In order to make honey mustard, I mix honey and mustard. But the resulting mixture is less viscous then both honey and mustard. How does mixing two viscous substances give a less viscous one?
Honey is a homogeneous substance, a solution of around 98% sugar and water.
Mustard is a heterogeneous mixture, containing about 1:1:1 oils, proteins and water, all in very small particles. The proteins act as a stabiliser to the small oil droplets. They cant slide past each other easily, and act more like a dense network of small solid particles. Like a heap of wet sand.
Now if the aqueous phase gets much larger due to the honey, the oil+protein droplets loose direct contact, and you no longer have the solid-like behaviour of wet sand.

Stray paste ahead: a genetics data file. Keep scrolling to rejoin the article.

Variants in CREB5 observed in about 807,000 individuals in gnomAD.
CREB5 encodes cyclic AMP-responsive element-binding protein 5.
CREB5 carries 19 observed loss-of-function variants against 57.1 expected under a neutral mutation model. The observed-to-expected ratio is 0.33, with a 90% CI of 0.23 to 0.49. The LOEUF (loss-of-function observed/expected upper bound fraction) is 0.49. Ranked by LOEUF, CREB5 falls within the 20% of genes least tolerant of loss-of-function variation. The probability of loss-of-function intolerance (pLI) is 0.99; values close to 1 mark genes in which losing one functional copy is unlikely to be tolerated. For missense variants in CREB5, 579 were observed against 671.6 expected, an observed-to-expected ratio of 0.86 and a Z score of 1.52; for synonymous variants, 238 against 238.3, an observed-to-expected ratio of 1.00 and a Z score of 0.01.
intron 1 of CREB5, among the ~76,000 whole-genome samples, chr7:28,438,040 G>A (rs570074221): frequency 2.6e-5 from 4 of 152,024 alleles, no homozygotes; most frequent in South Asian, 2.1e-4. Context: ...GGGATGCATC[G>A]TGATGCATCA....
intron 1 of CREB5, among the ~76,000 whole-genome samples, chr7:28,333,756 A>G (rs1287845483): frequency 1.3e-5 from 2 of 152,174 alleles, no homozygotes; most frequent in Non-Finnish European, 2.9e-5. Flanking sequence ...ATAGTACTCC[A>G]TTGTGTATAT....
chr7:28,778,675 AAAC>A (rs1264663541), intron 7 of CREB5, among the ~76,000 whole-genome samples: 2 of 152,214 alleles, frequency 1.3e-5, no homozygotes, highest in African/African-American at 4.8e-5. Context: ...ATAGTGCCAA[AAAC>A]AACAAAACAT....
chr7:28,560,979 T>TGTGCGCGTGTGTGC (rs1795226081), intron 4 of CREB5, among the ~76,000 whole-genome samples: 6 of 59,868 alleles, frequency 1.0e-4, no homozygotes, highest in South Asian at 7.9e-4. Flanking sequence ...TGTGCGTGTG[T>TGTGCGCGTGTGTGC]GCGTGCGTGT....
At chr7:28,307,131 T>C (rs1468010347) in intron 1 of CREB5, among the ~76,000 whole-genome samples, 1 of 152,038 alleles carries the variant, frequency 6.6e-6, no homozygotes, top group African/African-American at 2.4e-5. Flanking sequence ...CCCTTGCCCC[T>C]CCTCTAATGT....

Your aqueous honey-phase however now contains perhaps 25 or 30 percent of water instead of 15 or so in pure honey, and that lowers its viscosity a lot.
You have a major phase with reduced viscosity, and a disperse phase which is no longer continous (not "percolated"), and so the whole thing flows rather easily.
(Btw. the viscosity of mustard is not that high, however it usually shows a yield stress, that is it does not flow at all e.g. under its own weight. You open a mustard glass and the inside looks just the same as it did when you last closed it. Honey however is just a boring Newtonian fluid, no shear thinning, no thixotropy, nothing.)